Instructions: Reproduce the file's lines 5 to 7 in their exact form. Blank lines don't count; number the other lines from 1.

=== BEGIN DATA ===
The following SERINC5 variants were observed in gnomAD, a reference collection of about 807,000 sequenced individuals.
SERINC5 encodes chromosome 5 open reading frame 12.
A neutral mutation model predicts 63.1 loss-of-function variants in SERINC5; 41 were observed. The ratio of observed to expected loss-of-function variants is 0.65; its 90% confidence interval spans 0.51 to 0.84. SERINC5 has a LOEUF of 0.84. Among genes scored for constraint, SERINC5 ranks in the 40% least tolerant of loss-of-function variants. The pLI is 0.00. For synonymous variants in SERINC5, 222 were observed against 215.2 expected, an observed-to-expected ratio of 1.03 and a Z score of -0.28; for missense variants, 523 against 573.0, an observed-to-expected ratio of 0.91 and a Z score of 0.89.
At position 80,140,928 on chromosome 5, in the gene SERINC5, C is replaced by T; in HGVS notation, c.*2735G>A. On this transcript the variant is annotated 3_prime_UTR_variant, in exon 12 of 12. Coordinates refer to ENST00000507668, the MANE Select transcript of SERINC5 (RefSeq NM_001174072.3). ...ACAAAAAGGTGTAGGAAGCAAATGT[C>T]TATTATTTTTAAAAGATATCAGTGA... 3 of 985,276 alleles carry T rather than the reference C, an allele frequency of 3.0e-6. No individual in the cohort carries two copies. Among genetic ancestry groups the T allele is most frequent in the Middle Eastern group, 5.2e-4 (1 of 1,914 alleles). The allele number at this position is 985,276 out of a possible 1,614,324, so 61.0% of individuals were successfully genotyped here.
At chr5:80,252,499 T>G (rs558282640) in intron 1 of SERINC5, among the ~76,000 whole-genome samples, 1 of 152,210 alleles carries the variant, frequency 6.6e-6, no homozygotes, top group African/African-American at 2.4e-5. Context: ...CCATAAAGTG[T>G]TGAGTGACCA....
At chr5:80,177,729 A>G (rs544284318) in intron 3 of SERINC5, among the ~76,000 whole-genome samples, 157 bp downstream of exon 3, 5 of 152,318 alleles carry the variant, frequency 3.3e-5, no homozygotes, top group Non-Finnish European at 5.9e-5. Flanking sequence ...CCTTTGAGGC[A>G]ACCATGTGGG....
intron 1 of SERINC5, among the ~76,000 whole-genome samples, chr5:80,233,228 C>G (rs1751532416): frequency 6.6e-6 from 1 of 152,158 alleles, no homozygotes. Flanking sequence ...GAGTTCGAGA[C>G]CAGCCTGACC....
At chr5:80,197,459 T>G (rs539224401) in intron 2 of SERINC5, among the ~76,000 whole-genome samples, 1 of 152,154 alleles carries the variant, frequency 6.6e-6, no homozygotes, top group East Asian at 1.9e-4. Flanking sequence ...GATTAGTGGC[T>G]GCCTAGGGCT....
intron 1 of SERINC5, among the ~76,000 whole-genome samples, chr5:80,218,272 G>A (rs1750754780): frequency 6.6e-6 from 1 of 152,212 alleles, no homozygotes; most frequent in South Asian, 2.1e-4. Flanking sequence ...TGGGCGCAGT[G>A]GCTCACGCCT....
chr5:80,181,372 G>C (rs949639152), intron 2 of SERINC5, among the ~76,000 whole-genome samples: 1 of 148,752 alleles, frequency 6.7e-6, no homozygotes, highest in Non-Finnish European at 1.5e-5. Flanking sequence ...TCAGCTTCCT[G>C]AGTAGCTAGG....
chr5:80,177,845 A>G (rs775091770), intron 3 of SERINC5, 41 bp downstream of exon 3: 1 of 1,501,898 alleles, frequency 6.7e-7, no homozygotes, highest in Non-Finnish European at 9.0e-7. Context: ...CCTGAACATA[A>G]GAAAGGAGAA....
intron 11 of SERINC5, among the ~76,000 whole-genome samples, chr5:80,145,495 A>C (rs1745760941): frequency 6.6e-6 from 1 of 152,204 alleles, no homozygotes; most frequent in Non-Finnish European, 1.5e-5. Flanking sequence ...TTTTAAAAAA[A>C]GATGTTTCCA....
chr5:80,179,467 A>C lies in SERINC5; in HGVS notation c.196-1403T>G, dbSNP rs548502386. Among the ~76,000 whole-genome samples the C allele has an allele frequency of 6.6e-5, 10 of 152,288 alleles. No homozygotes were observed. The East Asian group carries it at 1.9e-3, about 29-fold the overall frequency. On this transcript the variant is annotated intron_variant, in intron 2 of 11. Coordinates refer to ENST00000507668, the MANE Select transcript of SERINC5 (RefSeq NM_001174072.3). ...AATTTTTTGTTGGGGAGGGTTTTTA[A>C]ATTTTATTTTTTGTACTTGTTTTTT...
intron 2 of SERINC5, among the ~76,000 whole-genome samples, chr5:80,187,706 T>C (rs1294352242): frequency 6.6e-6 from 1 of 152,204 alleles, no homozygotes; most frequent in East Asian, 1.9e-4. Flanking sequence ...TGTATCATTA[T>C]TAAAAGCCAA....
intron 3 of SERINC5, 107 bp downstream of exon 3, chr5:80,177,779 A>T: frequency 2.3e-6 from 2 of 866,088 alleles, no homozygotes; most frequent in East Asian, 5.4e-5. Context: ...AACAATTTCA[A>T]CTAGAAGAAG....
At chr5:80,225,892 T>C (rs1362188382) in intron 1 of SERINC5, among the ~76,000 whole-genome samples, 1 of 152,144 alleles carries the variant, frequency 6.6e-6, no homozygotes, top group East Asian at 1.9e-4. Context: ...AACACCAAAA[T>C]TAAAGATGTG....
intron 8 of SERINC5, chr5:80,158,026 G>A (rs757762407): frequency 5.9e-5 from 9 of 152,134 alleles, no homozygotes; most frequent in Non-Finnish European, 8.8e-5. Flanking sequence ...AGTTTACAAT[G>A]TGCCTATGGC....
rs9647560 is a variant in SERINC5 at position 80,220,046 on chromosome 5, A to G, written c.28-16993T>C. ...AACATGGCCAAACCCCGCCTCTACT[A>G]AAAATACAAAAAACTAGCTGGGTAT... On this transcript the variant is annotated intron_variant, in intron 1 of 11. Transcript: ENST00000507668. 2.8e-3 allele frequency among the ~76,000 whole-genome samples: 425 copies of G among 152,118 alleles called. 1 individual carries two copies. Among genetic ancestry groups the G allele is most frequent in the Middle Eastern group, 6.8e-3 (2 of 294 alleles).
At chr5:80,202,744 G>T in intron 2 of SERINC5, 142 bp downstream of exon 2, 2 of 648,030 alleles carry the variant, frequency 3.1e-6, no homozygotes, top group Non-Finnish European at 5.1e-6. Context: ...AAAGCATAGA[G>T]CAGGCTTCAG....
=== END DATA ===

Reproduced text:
At chr5:80,252,499 T>G (rs558282640) in intron 1 of SERINC5, among the ~76,000 whole-genome samples, 1 of 152,210 alleles carries the variant, frequency 6.6e-6, no homozygotes, top group African/African-American at 2.4e-5. Context: ...CCATAAAGTG[T>G]TGAGTGACCA....
At chr5:80,177,729 A>G (rs544284318) in intron 3 of SERINC5, among the ~76,000 whole-genome samples, 157 bp downstream of exon 3, 5 of 152,318 alleles carry the variant, frequency 3.3e-5, no homozygotes, top group Non-Finnish European at 5.9e-5. Flanking sequence ...CCTTTGAGGC[A>G]ACCATGTGGG....
intron 1 of SERINC5, among the ~76,000 whole-genome samples, chr5:80,233,228 C>G (rs1751532416): frequency 6.6e-6 from 1 of 152,158 alleles, no homozygotes. Flanking sequence ...GAGTTCGAGA[C>G]CAGCCTGACC....